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Hi, Kevin Coupe here, and this is FaceTime with the Content Guy … recording this commentary at the third annual Organic Produce Summit, an event that only seems to grow in stature and enthusiasm and attendance. It is quite remarkable - I’ve had presenter roles at all three, and it is a testament to the founders and the vitality of the category.

Perhaps it should not be a surprise that one of the sessions I moderated - featuring studies from Nielsen and the Hartman Group - ended up focusing on the power of storytelling, and why it is important for organic growers and retailers to do a better job educating and illuminating their customers, which inevitably, I believe, would result in greater engagement and higher sales.

I think it is fair to suggest that a vast number of mainstream customers, though they may have access to enormous amounts of information, may be more misinformed than ever. Quantity of information is not quality of information, and both growers and retailers should take it as their common mission to convert confusion into clarity.

By doing so, food businesses can provide not just transparency, but context. And that’s important - certainly in the organic produce category, but also, I think, elsewhere in the store.

Another session I moderated focused on e-commerce, with Tony Stallone of Peapod and Don Barnett, COO of healthy meal kit company Sun Basket, talking about their business models and the changing consumer. We also had Dan Bourgault, Head of Brand Partnerships at Instacart, on the panel … and while I appreciated the fact that he was willing to be on stage with someone who has been so critical of his company, I must also say that he didn’t do anything to persuade me that I’m wrong.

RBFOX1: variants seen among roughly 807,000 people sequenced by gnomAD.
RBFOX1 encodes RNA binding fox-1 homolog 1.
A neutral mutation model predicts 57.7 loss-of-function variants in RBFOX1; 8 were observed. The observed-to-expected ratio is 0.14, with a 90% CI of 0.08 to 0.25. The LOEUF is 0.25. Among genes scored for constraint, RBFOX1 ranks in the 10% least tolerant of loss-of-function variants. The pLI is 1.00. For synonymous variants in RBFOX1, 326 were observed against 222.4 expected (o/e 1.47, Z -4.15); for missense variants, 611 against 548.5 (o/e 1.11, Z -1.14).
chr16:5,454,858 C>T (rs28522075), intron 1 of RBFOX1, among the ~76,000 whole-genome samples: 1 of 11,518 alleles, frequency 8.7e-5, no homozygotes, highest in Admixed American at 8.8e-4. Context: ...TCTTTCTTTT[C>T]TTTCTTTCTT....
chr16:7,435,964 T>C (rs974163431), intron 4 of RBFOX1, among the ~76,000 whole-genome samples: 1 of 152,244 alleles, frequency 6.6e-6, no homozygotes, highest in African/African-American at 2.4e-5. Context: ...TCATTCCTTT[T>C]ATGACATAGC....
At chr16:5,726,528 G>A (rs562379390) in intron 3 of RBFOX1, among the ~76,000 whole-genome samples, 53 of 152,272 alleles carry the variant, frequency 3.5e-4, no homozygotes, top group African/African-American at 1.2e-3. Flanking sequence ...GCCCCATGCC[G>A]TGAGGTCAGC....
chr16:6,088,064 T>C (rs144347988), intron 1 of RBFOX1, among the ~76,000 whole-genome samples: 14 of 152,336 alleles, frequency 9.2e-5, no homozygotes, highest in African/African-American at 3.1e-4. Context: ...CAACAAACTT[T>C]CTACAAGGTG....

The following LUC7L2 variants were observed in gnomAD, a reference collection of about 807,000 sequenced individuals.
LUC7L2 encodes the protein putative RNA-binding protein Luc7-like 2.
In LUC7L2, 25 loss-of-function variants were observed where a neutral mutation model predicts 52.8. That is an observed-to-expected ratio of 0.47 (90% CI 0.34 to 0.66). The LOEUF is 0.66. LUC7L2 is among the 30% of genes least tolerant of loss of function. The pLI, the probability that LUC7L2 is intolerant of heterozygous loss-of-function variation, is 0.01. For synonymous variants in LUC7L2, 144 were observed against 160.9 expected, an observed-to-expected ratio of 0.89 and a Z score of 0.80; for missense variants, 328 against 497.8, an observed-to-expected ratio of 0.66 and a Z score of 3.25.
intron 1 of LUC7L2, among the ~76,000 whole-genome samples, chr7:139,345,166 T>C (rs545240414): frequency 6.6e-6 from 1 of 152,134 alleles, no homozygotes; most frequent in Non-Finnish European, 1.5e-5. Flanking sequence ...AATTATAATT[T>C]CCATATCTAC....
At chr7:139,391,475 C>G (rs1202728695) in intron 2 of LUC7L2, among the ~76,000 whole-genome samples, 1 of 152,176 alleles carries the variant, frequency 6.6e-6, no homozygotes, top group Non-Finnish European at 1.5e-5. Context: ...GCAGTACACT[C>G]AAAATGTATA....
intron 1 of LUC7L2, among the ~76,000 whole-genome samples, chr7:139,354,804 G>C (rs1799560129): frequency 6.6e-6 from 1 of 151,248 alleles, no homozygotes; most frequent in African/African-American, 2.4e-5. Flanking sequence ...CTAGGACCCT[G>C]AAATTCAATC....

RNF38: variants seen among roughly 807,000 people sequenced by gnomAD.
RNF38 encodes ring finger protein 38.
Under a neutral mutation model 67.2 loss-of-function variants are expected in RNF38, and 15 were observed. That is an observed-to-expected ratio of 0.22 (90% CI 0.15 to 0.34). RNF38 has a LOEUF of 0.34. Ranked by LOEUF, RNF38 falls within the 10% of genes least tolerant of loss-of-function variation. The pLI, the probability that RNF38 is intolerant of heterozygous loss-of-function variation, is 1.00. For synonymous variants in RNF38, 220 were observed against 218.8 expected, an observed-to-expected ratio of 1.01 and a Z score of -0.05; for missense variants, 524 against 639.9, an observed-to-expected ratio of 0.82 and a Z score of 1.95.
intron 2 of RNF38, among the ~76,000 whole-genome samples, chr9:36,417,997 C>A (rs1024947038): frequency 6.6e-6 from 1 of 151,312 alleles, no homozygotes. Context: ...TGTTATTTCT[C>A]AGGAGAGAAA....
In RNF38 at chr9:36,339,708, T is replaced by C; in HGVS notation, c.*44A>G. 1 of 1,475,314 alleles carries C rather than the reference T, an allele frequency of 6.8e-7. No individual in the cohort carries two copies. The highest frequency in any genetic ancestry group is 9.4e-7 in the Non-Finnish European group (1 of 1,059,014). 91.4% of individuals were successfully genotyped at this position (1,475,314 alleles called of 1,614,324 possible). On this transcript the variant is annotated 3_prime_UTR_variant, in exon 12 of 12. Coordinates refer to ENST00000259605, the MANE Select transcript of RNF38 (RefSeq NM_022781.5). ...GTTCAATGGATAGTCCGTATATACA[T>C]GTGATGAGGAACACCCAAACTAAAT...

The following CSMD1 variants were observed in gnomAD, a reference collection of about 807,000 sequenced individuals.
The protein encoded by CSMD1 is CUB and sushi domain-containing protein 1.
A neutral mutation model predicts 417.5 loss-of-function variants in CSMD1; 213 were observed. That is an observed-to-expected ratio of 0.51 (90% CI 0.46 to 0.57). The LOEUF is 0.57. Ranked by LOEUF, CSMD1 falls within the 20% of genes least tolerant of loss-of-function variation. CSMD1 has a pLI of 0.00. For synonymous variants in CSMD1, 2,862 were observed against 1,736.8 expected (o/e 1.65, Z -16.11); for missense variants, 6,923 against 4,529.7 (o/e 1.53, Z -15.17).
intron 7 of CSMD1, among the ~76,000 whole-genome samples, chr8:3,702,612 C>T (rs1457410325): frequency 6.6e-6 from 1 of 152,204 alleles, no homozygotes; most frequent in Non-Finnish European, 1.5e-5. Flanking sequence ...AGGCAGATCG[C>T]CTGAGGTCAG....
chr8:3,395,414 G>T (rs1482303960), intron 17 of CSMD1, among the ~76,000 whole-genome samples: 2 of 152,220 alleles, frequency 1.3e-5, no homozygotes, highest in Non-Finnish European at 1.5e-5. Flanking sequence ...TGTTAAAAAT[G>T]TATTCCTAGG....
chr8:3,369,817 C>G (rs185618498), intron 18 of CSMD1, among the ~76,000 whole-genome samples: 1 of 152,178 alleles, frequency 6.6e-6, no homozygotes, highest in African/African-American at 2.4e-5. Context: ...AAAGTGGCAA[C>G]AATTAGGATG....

I get that the Instacart model is good for Instacart, but I still don’t thing it is a long-term play for most retailers. At one point in our conversations, Dan mentioned that while retailers would never allow themselves to have a store in a shopping center with four direct competitors, that is precisely what Instacart persuades them to do in a digital environment. Someone needs to explain to me why that’s a good idea.

Finally, the Organic Produce Summit had a terrific keynote speaker in Dan Buettner, the author and journalist who has focused on discovering Blue Zones, which he defines as places where people enjoy healthful longevity. There are a lot of factors at play in why, but diet certainly is important … and the consumption of fresh, organic produce is seen as critical.

Now that’s what I call a narrative. It is a great story, and is one of the reasons that the Organic Produce Summit seems to be enjoying enormous success.

That’s what is on my mind this morning. As always, I want to hear what is on your mind.

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